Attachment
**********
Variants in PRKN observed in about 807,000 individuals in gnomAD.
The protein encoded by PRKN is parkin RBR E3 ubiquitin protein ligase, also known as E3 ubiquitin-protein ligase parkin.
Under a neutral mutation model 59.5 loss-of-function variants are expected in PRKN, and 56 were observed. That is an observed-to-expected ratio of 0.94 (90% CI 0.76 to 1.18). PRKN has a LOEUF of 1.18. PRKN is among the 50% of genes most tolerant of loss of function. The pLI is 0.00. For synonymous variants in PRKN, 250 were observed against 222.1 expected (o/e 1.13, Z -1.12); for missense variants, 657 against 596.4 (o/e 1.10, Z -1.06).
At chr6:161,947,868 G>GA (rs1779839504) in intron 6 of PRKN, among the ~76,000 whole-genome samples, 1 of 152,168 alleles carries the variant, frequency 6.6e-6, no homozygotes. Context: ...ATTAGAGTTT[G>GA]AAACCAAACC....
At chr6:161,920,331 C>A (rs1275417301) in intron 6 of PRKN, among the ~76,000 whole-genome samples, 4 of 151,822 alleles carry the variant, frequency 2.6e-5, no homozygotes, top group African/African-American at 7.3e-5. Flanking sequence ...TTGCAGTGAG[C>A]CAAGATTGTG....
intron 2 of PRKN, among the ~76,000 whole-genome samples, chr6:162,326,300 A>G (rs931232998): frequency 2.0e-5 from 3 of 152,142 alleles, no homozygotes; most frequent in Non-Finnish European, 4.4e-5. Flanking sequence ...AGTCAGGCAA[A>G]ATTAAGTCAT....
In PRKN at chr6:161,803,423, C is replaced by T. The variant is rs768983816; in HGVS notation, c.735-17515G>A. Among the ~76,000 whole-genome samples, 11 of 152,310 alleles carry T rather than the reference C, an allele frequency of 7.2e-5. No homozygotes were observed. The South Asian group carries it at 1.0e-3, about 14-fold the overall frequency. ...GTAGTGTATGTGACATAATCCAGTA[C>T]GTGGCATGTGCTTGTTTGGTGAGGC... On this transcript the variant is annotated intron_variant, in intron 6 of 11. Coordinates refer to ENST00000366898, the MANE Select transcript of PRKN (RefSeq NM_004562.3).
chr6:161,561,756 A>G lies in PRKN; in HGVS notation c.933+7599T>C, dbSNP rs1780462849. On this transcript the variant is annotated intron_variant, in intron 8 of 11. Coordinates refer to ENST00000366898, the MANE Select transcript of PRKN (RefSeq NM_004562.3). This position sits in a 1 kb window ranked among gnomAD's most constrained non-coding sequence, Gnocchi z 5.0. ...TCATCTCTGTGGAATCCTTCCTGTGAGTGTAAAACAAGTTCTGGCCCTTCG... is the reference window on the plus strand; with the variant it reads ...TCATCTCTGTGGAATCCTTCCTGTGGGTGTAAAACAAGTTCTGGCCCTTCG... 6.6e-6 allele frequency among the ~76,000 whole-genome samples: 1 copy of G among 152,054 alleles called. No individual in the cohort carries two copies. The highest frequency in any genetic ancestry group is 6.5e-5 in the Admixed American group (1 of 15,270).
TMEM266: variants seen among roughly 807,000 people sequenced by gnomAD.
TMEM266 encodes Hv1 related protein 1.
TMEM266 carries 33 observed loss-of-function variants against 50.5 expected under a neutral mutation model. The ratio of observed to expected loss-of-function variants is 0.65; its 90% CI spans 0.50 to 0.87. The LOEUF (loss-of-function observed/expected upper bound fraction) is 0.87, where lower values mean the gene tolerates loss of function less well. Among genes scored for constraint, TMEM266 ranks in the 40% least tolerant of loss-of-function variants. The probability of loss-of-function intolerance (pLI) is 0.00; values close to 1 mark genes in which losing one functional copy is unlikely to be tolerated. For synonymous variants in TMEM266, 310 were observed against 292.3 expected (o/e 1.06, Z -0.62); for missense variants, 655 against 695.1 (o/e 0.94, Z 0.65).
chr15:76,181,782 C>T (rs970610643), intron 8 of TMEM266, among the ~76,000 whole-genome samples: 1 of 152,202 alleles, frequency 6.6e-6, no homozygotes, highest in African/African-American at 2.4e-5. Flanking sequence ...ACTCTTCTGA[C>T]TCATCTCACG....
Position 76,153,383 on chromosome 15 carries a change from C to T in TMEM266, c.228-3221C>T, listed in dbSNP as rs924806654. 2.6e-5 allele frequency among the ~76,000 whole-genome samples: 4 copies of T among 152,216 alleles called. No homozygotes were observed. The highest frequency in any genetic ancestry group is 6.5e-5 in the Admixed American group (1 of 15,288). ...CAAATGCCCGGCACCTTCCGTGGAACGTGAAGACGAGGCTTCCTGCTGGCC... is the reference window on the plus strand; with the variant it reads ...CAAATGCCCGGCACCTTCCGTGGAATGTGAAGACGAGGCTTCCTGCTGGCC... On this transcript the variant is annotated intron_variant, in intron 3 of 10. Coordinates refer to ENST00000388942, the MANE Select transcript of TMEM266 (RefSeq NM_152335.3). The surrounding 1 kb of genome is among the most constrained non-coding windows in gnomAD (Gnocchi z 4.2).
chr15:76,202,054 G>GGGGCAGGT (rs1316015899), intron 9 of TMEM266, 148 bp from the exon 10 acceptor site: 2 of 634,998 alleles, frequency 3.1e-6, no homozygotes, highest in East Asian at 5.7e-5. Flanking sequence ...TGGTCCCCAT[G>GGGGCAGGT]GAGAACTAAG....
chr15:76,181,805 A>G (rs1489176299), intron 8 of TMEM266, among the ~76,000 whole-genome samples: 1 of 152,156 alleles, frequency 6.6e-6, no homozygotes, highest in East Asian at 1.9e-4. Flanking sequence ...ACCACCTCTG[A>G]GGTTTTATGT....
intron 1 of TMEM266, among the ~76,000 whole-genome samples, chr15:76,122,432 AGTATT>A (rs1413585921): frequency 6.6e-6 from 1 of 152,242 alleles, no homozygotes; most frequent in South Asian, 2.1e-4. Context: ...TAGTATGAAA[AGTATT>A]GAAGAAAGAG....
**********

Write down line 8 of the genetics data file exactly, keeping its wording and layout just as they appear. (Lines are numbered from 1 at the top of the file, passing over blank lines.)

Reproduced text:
chr6:161,561,756 A>G lies in PRKN; in HGVS notation c.933+7599T>C, dbSNP rs1780462849. On this transcript the variant is annotated intron_variant, in intron 8 of 11. Coordinates refer to ENST00000366898, the MANE Select transcript of PRKN (RefSeq NM_004562.3). This position sits in a 1 kb window ranked among gnomAD's most constrained non-coding sequence, Gnocchi z 5.0. ...TCATCTCTGTGGAATCCTTCCTGTGAGTGTAAAACAAGTTCTGGCCCTTCG... is the reference window on the plus strand; with the variant it reads ...TCATCTCTGTGGAATCCTTCCTGTGGGTGTAAAACAAGTTCTGGCCCTTCG... 6.6e-6 allele frequency among the ~76,000 whole-genome samples: 1 copy of G among 152,054 alleles called. No individual in the cohort carries two copies. The highest frequency in any genetic ancestry group is 6.5e-5 in the Admixed American group (1 of 15,270).